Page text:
Those Scots certainly loved their games. They didn’t just invent golf, but invented curling too, and when I was growing up, jam can curling was one of the outdoor games we’d play in the wintertime, at school. Made from empty jam cans, it was recycling before anyone knew what recycling was. And it was great fun.
In 1973, our city – Regina – was hosting the Air Canada Silver Broom – the Men’s World Curling Championships. All the schools in the city were encouraged to get involved. Our teachers decided to set up some curling sheets on the school grounds and put out a call to all our parents at the beginning of the school year to to save the Empress and Nabob jam cans so they could be used to make a poor-man’s version of a curling stone.
I don’t remember exactly who did all the work in getting those cans in shape for curling at our school, but our teachers were always busy doing something to help out — especially if it involved fun – which included track and field in the summer and curling in the winter. Oh, and Wine and Cheese evenings with the PTA. My guess is that Mr. Thiele and Mr. Leontowich spearheaded this particular project.
To make a curling stone out of a jam can, the bottom needed to be hammered out to be round enough to slide down the ice. I’d guess that was the first step.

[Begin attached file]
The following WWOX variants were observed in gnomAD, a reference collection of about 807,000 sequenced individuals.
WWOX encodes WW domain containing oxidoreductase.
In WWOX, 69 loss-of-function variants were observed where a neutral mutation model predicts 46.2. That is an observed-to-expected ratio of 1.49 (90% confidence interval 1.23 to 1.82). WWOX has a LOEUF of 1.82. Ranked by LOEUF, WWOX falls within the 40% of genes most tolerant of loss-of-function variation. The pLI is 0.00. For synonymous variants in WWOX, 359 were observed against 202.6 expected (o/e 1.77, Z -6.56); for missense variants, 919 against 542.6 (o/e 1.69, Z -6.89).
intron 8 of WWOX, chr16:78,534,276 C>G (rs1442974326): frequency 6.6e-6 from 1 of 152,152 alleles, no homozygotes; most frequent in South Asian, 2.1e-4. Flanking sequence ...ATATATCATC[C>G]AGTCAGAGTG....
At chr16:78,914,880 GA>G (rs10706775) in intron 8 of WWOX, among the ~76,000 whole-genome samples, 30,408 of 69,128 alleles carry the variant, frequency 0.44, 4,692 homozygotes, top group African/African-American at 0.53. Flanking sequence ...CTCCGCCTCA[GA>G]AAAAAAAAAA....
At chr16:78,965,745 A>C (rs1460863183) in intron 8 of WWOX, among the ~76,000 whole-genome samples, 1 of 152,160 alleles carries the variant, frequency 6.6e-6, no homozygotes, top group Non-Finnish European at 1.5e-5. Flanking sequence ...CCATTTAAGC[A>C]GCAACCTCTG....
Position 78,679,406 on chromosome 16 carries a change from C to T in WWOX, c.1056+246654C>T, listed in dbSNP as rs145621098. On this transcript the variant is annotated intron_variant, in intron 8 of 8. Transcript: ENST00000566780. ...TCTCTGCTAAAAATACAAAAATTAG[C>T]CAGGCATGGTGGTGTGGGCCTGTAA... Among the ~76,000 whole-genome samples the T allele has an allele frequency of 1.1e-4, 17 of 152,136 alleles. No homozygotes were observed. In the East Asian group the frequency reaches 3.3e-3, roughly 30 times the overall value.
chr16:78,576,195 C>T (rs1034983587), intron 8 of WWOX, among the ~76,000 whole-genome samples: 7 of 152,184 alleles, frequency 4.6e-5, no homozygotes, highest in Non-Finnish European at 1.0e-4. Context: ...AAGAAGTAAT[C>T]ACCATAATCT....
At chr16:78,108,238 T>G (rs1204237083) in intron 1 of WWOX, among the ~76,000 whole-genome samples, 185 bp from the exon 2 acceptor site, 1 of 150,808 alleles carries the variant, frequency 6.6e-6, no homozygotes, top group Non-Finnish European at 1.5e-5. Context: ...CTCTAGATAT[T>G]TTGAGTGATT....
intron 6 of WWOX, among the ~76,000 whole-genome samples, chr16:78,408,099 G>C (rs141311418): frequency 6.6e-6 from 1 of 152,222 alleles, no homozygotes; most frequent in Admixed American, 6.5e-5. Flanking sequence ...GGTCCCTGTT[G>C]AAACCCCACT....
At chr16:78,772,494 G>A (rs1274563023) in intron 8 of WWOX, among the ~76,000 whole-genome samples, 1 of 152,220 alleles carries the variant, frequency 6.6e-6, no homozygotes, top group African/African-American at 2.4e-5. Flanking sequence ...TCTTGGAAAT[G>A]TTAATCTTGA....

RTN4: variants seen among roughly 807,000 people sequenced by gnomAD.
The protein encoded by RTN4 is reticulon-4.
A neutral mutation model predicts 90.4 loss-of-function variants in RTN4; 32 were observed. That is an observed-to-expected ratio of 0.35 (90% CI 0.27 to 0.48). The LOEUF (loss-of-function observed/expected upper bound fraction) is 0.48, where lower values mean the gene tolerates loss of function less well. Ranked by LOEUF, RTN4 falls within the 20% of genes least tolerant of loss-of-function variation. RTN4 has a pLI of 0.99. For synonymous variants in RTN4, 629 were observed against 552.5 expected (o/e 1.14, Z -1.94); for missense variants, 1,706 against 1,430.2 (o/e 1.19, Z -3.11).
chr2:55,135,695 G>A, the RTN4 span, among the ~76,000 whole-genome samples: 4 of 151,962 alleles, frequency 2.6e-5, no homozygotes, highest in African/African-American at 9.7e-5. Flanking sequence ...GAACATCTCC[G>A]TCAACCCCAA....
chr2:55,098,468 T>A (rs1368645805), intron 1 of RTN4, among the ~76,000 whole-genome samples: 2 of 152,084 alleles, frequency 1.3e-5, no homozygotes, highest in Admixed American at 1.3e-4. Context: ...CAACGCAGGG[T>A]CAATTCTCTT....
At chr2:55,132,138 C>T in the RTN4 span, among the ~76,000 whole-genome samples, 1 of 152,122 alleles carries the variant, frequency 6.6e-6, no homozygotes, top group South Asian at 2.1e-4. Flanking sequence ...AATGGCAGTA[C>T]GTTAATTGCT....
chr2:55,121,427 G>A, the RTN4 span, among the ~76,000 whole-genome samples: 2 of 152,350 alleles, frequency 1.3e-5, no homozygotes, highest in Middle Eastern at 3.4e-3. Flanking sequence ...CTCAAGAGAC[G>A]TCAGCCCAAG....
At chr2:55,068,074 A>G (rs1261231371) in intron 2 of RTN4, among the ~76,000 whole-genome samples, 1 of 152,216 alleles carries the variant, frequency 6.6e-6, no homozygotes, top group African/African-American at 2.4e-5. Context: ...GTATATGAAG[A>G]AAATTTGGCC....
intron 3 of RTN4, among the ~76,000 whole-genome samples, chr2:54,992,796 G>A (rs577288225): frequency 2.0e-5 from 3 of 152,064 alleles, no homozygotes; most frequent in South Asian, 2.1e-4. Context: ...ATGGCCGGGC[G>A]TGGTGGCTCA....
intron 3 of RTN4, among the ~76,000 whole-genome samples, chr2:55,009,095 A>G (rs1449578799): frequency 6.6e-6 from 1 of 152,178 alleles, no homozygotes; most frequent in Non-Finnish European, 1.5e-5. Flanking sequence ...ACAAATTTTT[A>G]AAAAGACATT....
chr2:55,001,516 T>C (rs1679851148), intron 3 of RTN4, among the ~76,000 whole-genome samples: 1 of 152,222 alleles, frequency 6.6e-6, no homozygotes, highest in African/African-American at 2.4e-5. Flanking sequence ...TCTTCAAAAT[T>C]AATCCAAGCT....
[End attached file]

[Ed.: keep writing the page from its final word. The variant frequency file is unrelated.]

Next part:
Then, the interior was filled with cement to mimic the heaviness of a real curling stone, which is supposed to be between 38 and 44 pounds – HEAVY!. Once it was dry, the cement was spray-painted so each team could have rocks with colours of their own. I think we had two colours: red and green.
We had recess twice a day, and the first ones out the door and onto the ice would get the best rocks – the ones that rode the smoothest down the ice. We had brooms, what were proper curling brooms at the time, made out of corn straw, and some of them had their handles shortened so the shorter kids wouldn’t have so much trouble sweeping.
I think we had four curling lanes set up. We’d have to shovel, or sweep off the snow before we could begin a game, which would last until the school bell rang. At lunchtime, most kids would go home for lunch, and those of us who liked to curl would race back to school as soon as we finished, to play some more.
That year, our school was paired with the Danish Men’s team, which gave us an opportunity to learn something about Denmark in geography class, and, in music, to learn the Danish national anthem, which we sang to them when they came to our school for a visit. A local woman, who was born in Denmark, came to our school to help teach us how to sing that anthem: it was the first time that many of us had tried to read and pronounce a song in what seemed to be a truly foreign language. Later, I was told that Denmark had more than one national anthem.
That year, the Canadian team ran away with the Silver Broom, winning all their matches. Our Danish team, in red and white sweaters that reflected their country’s flag, came in dead last.
But we learned about Denmark, how to sing in another language (even if we had no idea what we were singing) and learned how to jam-can curl. It was a lot of fun.
The image I’ve used for this post comes from the Saskatchewan Archives. Although it’s not a picture of jam-can curling at our school, St John’s Elementary School in Regina, Saskatchewan, it looked just like that.